Electric hot water heater giving luke warm water.


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Old 06-11-08, 08:04 AM
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Electric hot water heater giving luke warm water.

I read enough on here yesterday to do some basic trouble shooting but I couldn't quite figure it out.

This is a family members house that has some creative plumbing. They get their hot water from the on demand coil in the winter and the electric tank in the summer so they just discovered the tank heater has a problem in the last few days once the boiler was shut down.

both elements ohm out to about 12.8 ohms for a 4500 watt 240V coil. No wiring diagram so I couldn't quite figure out the whole wiring scheme but I was not getting 240 on either element even though we have a short burst of hot water followed by warm water for a short while. It was clear the lower tstat was acting strangely as I could get 240 on it by tapping it hard. So that was replaced. Now he is getting warm water for a bit longer but not up to what it should be. The heater is at least 15 years old and is a More-Flo?

I never did see 240 on the upper element but I couldn't tell if that was because it had reached temp or not. I couldn't really feel any heat on the outside let alone a variance between top and bottom. We were going to throw a top tstat in just to see what happens but I thought I'd check here first. I hate throwing parts a problem due to ignorance. I saw the dip tube mentioned a few times but I have no idea how to test that. I'm guessing the tank has never been flushed either.

So how should I go about testing the top tstat? Would shutting it down completely for a few hours and then checking for 240 on power up work? Dip Tube? Overall the body of the heater looks pretty good with no major rust. This house will need a serious upgrade soon to the overall system but for the moment I just need to get them hot water.

Thanks -
 
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Old 06-12-08, 05:11 PM
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No ideas at all on the upper tstat or dip tube?
 
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Old 06-13-08, 04:40 AM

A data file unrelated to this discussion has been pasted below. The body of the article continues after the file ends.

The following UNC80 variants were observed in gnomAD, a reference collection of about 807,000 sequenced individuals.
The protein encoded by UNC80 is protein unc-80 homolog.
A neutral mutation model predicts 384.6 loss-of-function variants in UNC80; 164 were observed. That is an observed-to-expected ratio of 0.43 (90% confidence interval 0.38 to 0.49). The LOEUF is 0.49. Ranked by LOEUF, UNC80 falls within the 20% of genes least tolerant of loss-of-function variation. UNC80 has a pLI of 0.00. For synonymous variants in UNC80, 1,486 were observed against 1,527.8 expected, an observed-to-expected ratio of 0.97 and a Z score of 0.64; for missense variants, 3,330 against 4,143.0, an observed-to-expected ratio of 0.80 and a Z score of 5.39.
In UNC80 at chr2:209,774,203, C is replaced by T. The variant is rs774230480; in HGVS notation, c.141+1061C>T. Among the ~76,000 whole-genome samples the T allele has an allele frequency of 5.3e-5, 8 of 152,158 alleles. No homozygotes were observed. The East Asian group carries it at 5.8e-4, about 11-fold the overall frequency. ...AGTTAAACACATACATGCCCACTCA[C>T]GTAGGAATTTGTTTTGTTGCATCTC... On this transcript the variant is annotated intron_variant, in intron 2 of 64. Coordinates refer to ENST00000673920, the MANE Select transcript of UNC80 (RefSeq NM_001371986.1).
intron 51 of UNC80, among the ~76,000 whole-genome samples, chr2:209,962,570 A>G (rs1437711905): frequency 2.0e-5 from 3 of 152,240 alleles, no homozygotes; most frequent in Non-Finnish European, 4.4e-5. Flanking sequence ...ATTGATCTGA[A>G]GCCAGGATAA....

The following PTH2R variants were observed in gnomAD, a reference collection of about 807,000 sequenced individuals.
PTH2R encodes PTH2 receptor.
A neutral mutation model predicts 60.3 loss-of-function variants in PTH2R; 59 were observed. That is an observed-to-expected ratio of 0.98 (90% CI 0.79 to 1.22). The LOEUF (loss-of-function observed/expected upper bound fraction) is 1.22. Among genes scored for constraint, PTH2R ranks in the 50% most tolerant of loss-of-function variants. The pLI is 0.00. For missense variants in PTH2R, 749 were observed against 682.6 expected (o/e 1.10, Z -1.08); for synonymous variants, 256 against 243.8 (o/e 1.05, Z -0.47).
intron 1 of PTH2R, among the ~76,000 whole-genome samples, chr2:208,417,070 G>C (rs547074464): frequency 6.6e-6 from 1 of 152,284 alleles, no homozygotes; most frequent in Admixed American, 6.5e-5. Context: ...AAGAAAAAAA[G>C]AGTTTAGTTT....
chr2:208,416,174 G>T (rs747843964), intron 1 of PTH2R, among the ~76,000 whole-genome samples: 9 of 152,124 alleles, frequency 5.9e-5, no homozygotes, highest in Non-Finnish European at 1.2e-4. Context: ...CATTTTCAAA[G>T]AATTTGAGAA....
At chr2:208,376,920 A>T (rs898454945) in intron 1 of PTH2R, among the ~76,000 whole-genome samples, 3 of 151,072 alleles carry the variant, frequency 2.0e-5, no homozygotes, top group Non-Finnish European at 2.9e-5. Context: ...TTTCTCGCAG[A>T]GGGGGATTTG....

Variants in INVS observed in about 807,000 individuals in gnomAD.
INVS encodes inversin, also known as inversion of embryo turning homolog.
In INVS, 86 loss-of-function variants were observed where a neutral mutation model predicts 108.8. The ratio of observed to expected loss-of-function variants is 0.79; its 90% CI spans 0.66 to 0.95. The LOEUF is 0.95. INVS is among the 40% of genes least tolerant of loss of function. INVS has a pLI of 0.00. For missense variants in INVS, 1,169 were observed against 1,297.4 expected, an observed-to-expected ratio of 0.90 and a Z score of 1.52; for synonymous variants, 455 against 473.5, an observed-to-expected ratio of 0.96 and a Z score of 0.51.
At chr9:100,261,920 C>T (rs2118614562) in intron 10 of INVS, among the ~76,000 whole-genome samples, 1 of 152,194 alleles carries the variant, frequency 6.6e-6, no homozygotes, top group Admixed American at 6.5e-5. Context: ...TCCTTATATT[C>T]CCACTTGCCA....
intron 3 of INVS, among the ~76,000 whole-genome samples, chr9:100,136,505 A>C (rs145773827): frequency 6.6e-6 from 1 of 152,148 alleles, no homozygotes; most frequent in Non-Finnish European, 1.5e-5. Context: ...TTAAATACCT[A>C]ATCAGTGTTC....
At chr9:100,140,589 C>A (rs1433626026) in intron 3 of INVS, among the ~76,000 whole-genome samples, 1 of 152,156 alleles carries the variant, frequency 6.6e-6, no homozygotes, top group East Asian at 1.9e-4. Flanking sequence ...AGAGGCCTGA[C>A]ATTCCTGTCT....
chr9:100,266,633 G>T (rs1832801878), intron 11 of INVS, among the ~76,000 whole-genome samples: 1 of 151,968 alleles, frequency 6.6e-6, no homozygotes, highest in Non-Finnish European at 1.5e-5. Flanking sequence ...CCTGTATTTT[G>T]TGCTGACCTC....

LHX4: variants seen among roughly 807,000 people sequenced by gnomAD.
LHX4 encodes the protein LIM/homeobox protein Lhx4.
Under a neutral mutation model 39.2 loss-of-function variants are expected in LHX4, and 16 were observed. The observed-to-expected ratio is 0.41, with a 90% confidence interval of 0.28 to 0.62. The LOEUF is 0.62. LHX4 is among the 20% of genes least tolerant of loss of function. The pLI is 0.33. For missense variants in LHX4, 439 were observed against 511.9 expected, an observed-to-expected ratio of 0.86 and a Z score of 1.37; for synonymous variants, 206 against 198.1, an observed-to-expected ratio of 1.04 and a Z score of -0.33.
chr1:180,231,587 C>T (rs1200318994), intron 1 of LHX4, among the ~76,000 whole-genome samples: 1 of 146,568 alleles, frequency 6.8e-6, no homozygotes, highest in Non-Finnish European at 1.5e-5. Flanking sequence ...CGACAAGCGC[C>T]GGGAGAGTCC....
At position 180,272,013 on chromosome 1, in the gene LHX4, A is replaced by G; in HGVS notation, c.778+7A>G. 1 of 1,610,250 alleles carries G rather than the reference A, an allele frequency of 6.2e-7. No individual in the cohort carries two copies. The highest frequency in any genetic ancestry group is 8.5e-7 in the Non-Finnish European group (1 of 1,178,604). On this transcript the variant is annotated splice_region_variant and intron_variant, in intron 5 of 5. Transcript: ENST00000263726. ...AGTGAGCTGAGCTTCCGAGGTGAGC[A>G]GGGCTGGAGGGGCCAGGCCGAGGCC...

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Yep, dip tube would have been my first guess, since it is warm and not completely cold.
 
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Old 06-13-08, 04:54 AM
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Originally Posted by Just Bill
Yep, dip tube would have been my first guess, since it is warm and not completely cold.
OK - I'll search dip tube - but somehow I get the feeling that means new water heater time.
 
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Old 06-13-08, 07:50 PM
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A 15 yr old water heater is tired and wants to be put to bed forever

Either you have great water, or your tank is ready to blow any time now.
 
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Old 06-14-08, 04:26 AM
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OOppppsss, I missed the part that it is 15 yrs old. Don't put too much time/money is trying to fix it. Life is about at an end. Dip tube is cheap and fairly easy to do yourself(if you can solder), and have you flushed the tank??
 
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Old 06-14-08, 02:55 PM
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speedy72,

First off, a 15 year old WH isn't worth putting anything other than MAYBE a little time into. Replace it.

That said, you won't find a wiring diagram on the WH -- follow the one on the back of the package that the thermostats come in. But, UNLESS somebody has messed with it over the years, the wiring will be the same as it came from the factory.

A bad dip tube won't give you warm water, UNLESS it's split and allowing cold water to leak into the top of the tank. I've seen that ONCE in about 1,000 WH's, and my Dad (a 40 year plumber) had never seen it. (Chances are pretty slim!!)

Since the complaint is "warm water temp.", I tend to think that the problem lies in the "creative plumbing" that allows the boiler to be used in the winter and the tank in the summer. My guess is that cold water is being pulled from the boiler (which is shut down in the summer) and mixing with the hot water from the tank. You need a shut off valve in the system so that the water from the boiler can be turned off in the summer when the boiler is shut off. (I'm assuming that this "boiler" is the furnace.)